EKOenergy provides almost 700,000 € towards fighting energy poverty in 2023
For every MWh of EKOenergy-labelled energy, 0.10 € goes to EKOenergy’s Climate Fund to finance new renewable energy projects in developing countries. All supported projects make a difference in the lives of many by improving access to reliable, clean energy and contribute to the realisation of multiple Sustainable Development Goals (SDGs). For an overview of the approved projects, see the map on our Climate Fund page.
We now have finalised the selection of 15 short-term renewable energy projects that will be funded through our Climate Fund in 2023. The selected projects are located in 13 different developing countries, including India, Cambodia, Madagascar and Tanzania, and will receive a total of 482,190.00 €.
In addition to these 15 projects, we have already made the decision this year to finance a four-year project for Renewable World (313,170 € in total – 130,795 € in 2023) and to support Siemenpuu Foundation’s partners in Mali with 80,000 €.
Energy poverty is a major issue in many developing countries. Through financing new renewable energy projects for local communities, we aim to tackle the many problems that a lack of electricity access brings. By providing access to reliable and clean electricity, these projects will enable households and communities to improve their living conditions, reduce their reliance on fossil fuels, and contribute to the fight against climate change.
All projects contribute to realising multiple Sustainable Development Goals (SDGs)
All projects help to achieve a number of different SDGs and their focus varies based on the needs of local people.
Some of the selected projects focus on household electrification and lighting, which also enables the development of small-scale economic activities. For example, the GRET project in Madagascar, the HARD Balochistan project in Pakistan and the Environmental Rights Action/Friends of the Earth Nigerian project in Nigeria promote energy access for households and communities as well as for village schools and health centres. Clean energy in households is also strongly linked to SDG 3 (Health and well-being) as essential lighting is often powered by fossil fuels that highly degrade air quality.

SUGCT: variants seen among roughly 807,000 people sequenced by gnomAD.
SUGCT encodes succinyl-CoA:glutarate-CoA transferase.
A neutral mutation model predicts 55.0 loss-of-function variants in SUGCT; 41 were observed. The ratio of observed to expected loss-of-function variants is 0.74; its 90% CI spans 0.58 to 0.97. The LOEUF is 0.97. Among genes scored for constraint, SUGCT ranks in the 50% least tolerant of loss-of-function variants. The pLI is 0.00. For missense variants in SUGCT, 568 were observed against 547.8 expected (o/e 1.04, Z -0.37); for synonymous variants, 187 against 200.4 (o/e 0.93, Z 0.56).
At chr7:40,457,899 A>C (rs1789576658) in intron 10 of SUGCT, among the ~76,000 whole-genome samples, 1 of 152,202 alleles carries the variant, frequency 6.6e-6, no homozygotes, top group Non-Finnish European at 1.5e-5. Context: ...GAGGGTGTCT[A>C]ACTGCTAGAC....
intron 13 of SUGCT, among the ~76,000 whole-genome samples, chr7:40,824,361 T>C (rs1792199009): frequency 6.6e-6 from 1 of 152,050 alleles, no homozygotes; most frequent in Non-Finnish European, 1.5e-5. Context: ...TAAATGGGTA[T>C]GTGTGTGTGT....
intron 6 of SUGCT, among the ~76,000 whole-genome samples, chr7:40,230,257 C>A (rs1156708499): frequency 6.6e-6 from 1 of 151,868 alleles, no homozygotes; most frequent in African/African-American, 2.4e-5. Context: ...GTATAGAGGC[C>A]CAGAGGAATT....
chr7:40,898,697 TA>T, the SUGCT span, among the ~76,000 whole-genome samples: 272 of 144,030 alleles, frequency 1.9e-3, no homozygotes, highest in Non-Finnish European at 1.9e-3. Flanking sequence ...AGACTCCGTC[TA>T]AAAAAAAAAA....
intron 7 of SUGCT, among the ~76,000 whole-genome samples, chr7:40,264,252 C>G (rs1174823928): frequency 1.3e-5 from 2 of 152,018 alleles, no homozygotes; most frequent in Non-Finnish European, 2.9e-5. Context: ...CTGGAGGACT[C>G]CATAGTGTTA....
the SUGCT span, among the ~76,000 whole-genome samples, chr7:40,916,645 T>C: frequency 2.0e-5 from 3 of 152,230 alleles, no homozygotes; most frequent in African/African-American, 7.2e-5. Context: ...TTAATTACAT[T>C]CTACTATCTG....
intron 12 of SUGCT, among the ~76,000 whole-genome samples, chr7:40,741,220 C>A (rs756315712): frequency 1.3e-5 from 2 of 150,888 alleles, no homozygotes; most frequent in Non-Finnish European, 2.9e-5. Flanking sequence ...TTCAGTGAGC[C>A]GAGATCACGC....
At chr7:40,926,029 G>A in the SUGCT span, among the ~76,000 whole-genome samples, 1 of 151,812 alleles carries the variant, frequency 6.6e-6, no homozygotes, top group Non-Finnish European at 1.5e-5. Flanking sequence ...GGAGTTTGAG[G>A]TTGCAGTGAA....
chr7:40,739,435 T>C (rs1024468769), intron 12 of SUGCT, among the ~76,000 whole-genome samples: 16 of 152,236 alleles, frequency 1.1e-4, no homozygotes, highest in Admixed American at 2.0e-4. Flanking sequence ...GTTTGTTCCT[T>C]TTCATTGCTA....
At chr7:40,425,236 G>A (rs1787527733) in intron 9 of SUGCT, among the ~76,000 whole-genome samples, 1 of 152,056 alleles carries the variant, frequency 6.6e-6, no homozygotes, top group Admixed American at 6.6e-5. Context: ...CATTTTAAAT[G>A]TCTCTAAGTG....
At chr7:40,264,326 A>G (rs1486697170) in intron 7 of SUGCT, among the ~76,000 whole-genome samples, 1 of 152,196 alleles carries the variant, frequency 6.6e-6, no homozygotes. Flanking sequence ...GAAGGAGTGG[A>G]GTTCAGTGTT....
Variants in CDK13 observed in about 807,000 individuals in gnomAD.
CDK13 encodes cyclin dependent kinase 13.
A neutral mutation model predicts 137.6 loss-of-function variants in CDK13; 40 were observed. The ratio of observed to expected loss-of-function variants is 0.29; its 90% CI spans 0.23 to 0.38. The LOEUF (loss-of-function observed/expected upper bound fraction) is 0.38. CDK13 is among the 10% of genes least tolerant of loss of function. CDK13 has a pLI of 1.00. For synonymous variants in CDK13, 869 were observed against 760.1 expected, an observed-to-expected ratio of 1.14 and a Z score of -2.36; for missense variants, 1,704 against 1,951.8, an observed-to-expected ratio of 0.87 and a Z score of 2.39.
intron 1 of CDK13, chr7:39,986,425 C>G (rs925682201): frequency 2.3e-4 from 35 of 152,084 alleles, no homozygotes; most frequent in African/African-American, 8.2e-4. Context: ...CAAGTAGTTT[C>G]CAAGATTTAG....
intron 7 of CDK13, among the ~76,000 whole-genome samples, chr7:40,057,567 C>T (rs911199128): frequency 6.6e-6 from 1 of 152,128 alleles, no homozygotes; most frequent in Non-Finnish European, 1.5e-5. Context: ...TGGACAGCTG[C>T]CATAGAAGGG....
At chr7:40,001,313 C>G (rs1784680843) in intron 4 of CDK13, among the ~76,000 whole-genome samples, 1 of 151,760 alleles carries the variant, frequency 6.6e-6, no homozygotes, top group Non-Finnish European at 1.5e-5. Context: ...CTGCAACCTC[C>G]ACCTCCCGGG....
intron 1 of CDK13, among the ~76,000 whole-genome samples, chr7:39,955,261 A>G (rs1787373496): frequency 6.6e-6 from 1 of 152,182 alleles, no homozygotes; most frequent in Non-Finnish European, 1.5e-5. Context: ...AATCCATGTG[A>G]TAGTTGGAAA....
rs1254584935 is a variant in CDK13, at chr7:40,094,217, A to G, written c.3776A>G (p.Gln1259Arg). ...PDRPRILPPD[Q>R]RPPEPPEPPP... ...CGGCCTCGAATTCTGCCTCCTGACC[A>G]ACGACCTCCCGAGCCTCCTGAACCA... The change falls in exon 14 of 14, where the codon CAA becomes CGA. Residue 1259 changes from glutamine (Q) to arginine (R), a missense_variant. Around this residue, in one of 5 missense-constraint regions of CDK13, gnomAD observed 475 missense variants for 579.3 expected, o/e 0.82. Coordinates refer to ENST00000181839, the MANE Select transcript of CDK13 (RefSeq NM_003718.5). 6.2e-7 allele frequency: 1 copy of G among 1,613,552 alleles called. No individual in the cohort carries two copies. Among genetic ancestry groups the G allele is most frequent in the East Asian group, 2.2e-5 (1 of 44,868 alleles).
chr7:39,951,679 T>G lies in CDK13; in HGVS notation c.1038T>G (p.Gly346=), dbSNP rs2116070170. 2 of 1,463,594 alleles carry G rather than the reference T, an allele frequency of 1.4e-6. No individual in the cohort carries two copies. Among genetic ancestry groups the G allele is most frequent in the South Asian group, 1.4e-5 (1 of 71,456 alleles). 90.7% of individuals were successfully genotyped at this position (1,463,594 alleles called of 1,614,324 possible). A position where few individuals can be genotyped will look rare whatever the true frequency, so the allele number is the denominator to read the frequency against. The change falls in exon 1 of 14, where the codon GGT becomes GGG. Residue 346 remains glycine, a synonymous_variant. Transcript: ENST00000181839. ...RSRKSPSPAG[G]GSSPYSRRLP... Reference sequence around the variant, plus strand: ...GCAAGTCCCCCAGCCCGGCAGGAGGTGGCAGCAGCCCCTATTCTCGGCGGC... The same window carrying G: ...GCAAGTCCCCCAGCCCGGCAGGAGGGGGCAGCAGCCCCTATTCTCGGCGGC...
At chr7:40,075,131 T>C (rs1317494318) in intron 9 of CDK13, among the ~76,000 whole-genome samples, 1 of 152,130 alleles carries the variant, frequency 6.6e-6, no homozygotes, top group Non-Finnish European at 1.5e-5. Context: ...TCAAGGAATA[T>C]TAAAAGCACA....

SDG 3 is also supported by the Un Ponte Per project in north-eastern Syria, which uses solar panels to improve health centres’ cold storage facilities for medicines, as well as a project by the Centre for Community Regeneration and Development’s (CCREAD) in Cameroon that will provide electric lighting for three village health centres so that locals won’t have to provide their own firewood anymore.
Many projects are directly or indirectly linked to improving food security. For example, ICC’s (Integral Cooperation Cambodia) project in Cambodia supports the installation of solar-powered irrigation systems for small-scale farmers, and the Aga Khan Foundation’s project in India supports locals to build solar-powered flour mills, thereby supporting SDG 2 (Zero hunger).
At the same time, these projects will also improve access to clean drinking water, which is also a particular focus of the Renewable Malawi (RENAMA) project which provides clean drinking water to 8,500 students in Malawi, the OIKOS Africa project in Tanzania, and Centre for Renewable Energy and Action on Climate Change (CREACC-NG) project in Nigeria. Many of these projects also directly support local agricultural production.
Some of these projects that were selected to receive financing from EKOenergy this year include the construction of cold storage systems, for example, the projects by Practical Action, Concern Worldwide and the Energy and Resources Institute (TERI) projects in Bolivia, Liberia and India, respectively. The possibility of storing food products reduces the pressure on farmers to sell crops at low prices to traders. Cold storages also contribute directly to better food security and safety. As global warming leads to longer and more extreme heat waves, the role of cold storage systems is becoming even more important.
Green Empowerment’s project is improving the livelihoods of Ugandan beekeepers by providing them with honey processing systems that run on solar energy. In this way, the project directly contributes to achieving goals such as SDG 1 (Zero poverty) among several others.
Overall, the selection of all these new renewable energy projects is a significant step towards a more sustainable and equitable energy system. It shows that, by working together and supporting renewable energy, we can reduce energy poverty, promote economic development, and protect the planet for future generations.
Other projects financed thanks to users of EKOenergy
Descriptions of all finished and ongoing projects are available on the map on our Climate Fund page.
Thanks a lot to all sellers and users of EKOenergy-labelled renewables. None of these projects would have been possible without your commitment to EKOenergy.
Published: 16 June 2023